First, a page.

The Cellar Conversion
The cellar had been boarded over but yanking up floor boards revealed a sizable room under the kitchen floor. This was dug out to create more headroom, tanked to make it watertight and the excavation of small light well on the outside allowed sunlight to pour in through two south facing windows. This did not constitute an extra bedroom but it did make a good sized multi-purpose room with an attractive spiral stairs leading to the kitchen. This additional level made the house feel much bigger and more interesting.
The spiral stairs was delightfully quirky. However, it created a third entry/exit point into the kitchen which was already the principle thoroughfare. Passage was eased by the use of (very expensive) curved kitchen cabinets. These flowed into the handrail of the spiral staircase and generated a curved theme that contrasted with the sharp right angles of the exterior architecture and living room.
There were other ways that floor space could be increased. One was to rebuild the front porch. The line of an old flashing served to convince the Conservation Office that this was reinstatement of a previously existing feature. The porch greatly improved the exterior appearance of the building and created a buffer so that the front door did not open straight into the living room. A part of the original facia board was found in the loft and was duly recreated. (More brownie points with the Conservation Officer).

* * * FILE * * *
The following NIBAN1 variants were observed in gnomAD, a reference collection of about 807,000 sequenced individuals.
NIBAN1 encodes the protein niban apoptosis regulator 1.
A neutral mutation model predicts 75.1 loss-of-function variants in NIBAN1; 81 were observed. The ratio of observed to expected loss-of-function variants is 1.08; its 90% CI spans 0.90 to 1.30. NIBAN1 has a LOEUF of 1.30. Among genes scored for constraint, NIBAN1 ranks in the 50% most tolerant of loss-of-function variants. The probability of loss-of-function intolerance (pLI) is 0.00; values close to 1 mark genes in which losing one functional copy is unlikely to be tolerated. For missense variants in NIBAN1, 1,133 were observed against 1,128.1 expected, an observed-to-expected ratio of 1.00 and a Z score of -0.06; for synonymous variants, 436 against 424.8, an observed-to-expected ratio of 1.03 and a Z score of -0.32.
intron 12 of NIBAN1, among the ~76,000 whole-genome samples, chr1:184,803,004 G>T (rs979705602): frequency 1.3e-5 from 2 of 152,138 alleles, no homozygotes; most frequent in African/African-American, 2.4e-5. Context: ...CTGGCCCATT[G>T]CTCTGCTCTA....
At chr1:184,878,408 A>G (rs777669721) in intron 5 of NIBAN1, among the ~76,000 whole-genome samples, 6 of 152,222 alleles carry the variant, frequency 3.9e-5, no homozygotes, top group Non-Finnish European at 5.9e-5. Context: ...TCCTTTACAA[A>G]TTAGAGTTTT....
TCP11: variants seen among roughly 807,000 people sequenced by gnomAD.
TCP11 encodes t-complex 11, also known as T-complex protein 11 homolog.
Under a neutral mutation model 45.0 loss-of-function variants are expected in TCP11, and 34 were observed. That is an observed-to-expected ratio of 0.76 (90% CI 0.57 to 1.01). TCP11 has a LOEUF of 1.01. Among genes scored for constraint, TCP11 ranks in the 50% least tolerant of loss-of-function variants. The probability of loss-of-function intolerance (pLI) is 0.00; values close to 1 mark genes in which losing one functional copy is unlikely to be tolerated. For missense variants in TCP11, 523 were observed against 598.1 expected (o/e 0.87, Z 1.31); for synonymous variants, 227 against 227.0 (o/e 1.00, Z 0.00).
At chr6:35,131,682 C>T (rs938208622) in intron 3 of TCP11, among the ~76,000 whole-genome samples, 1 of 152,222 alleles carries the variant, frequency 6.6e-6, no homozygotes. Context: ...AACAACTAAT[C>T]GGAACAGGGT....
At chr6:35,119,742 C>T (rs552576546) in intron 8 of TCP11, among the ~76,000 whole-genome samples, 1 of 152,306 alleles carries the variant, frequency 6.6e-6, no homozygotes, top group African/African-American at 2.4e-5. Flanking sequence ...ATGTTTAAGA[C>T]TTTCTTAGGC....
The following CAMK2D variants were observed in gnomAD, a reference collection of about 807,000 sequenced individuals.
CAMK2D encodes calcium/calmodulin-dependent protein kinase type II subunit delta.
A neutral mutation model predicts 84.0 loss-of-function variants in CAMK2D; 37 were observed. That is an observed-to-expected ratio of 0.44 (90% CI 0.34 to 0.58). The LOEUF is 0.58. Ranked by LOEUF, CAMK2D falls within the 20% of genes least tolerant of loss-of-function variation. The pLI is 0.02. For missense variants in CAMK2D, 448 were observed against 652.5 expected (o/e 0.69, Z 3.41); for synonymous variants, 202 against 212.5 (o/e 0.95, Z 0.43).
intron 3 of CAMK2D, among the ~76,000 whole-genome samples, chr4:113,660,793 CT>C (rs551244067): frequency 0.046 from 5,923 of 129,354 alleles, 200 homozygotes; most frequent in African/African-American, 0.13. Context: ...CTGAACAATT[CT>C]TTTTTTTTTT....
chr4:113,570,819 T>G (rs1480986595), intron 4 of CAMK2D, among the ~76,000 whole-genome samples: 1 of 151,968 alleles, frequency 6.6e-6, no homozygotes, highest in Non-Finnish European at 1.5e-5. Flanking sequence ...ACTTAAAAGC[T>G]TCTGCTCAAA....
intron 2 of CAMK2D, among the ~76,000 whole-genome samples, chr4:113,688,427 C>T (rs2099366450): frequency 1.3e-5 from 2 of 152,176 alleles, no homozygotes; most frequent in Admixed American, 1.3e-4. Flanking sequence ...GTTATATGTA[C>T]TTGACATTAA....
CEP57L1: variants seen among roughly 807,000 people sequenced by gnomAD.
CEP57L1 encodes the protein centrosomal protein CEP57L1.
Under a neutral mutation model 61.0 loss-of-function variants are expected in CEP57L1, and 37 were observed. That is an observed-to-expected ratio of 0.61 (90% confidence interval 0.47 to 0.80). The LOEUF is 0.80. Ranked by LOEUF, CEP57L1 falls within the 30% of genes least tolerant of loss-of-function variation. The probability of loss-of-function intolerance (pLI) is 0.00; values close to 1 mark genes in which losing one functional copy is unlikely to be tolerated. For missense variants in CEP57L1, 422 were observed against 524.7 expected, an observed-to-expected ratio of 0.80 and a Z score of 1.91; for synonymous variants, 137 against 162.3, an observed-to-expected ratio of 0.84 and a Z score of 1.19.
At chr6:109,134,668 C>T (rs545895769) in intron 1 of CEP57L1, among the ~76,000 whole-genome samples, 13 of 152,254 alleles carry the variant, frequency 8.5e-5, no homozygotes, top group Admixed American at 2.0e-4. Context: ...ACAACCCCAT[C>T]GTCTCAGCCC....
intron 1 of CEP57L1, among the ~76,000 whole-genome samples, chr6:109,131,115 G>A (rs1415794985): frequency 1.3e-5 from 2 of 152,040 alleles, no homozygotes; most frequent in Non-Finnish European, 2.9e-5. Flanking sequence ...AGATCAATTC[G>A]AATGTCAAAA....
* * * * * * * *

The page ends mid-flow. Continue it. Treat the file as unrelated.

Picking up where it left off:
First floor bathroom
Another way of carving out additional space was to create a downstairs toilet under the stairs. This was achieved by dropping the floor and creating a couple of steps leading down.
Removal of chimney breasts